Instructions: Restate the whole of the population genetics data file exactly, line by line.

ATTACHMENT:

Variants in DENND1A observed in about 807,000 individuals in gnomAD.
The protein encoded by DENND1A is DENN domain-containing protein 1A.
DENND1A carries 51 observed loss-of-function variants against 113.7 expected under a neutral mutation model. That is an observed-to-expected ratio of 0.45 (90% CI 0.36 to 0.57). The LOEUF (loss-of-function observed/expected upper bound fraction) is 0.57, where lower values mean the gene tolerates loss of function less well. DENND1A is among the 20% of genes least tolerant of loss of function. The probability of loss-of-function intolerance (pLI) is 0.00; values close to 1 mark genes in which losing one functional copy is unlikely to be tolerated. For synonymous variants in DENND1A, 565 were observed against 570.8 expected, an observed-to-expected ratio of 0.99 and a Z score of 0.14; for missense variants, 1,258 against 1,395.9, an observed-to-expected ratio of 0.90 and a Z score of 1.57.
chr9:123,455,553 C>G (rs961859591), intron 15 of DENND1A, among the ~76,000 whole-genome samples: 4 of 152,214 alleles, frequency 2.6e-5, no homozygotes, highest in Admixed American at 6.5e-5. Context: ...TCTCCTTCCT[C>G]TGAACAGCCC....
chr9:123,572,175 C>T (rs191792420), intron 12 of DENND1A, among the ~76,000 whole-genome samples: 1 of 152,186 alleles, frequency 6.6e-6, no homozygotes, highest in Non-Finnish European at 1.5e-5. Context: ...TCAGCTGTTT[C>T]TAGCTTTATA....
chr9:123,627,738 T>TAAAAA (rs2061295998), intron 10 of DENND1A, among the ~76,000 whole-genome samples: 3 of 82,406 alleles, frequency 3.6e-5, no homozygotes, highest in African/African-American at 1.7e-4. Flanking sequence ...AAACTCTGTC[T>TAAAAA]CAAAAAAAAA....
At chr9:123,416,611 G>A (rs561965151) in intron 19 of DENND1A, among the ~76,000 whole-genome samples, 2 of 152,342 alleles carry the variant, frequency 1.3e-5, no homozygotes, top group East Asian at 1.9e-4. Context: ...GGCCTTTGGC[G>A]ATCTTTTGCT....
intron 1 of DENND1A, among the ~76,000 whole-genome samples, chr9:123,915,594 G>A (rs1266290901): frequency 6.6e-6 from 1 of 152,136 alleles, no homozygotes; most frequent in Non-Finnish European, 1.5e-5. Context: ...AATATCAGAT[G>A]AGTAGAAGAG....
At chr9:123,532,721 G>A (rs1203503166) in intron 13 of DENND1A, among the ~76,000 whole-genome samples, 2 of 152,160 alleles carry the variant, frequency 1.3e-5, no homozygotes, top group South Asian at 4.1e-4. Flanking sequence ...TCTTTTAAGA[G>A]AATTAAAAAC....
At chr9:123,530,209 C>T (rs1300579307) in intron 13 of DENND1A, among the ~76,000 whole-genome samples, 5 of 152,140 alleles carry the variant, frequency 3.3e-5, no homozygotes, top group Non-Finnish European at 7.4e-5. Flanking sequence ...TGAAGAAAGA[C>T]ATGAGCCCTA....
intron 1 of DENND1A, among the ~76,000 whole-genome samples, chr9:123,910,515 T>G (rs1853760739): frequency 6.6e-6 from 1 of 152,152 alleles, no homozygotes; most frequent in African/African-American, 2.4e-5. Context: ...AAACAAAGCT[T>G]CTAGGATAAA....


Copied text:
Variants in DENND1A observed in about 807,000 individuals in gnomAD.
The protein encoded by DENND1A is DENN domain-containing protein 1A.
DENND1A carries 51 observed loss-of-function variants against 113.7 expected under a neutral mutation model. That is an observed-to-expected ratio of 0.45 (90% CI 0.36 to 0.57). The LOEUF (loss-of-function observed/expected upper bound fraction) is 0.57, where lower values mean the gene tolerates loss of function less well. DENND1A is among the 20% of genes least tolerant of loss of function. The probability of loss-of-function intolerance (pLI) is 0.00; values close to 1 mark genes in which losing one functional copy is unlikely to be tolerated. For synonymous variants in DENND1A, 565 were observed against 570.8 expected, an observed-to-expected ratio of 0.99 and a Z score of 0.14; for missense variants, 1,258 against 1,395.9, an observed-to-expected ratio of 0.90 and a Z score of 1.57.
chr9:123,455,553 C>G (rs961859591), intron 15 of DENND1A, among the ~76,000 whole-genome samples: 4 of 152,214 alleles, frequency 2.6e-5, no homozygotes, highest in Admixed American at 6.5e-5. Context: ...TCTCCTTCCT[C>G]TGAACAGCCC....
chr9:123,572,175 C>T (rs191792420), intron 12 of DENND1A, among the ~76,000 whole-genome samples: 1 of 152,186 alleles, frequency 6.6e-6, no homozygotes, highest in Non-Finnish European at 1.5e-5. Context: ...TCAGCTGTTT[C>T]TAGCTTTATA....
chr9:123,627,738 T>TAAAAA (rs2061295998), intron 10 of DENND1A, among the ~76,000 whole-genome samples: 3 of 82,406 alleles, frequency 3.6e-5, no homozygotes, highest in African/African-American at 1.7e-4. Flanking sequence ...AAACTCTGTC[T>TAAAAA]CAAAAAAAAA....
At chr9:123,416,611 G>A (rs561965151) in intron 19 of DENND1A, among the ~76,000 whole-genome samples, 2 of 152,342 alleles carry the variant, frequency 1.3e-5, no homozygotes, top group East Asian at 1.9e-4. Context: ...GGCCTTTGGC[G>A]ATCTTTTGCT....
intron 1 of DENND1A, among the ~76,000 whole-genome samples, chr9:123,915,594 G>A (rs1266290901): frequency 6.6e-6 from 1 of 152,136 alleles, no homozygotes; most frequent in Non-Finnish European, 1.5e-5. Context: ...AATATCAGAT[G>A]AGTAGAAGAG....
At chr9:123,532,721 G>A (rs1203503166) in intron 13 of DENND1A, among the ~76,000 whole-genome samples, 2 of 152,160 alleles carry the variant, frequency 1.3e-5, no homozygotes, top group South Asian at 4.1e-4. Flanking sequence ...TCTTTTAAGA[G>A]AATTAAAAAC....
At chr9:123,530,209 C>T (rs1300579307) in intron 13 of DENND1A, among the ~76,000 whole-genome samples, 5 of 152,140 alleles carry the variant, frequency 3.3e-5, no homozygotes, top group Non-Finnish European at 7.4e-5. Flanking sequence ...TGAAGAAAGA[C>T]ATGAGCCCTA....
intron 1 of DENND1A, among the ~76,000 whole-genome samples, chr9:123,910,515 T>G (rs1853760739): frequency 6.6e-6 from 1 of 152,152 alleles, no homozygotes; most frequent in African/African-American, 2.4e-5. Context: ...AAACAAAGCT[T>G]CTAGGATAAA....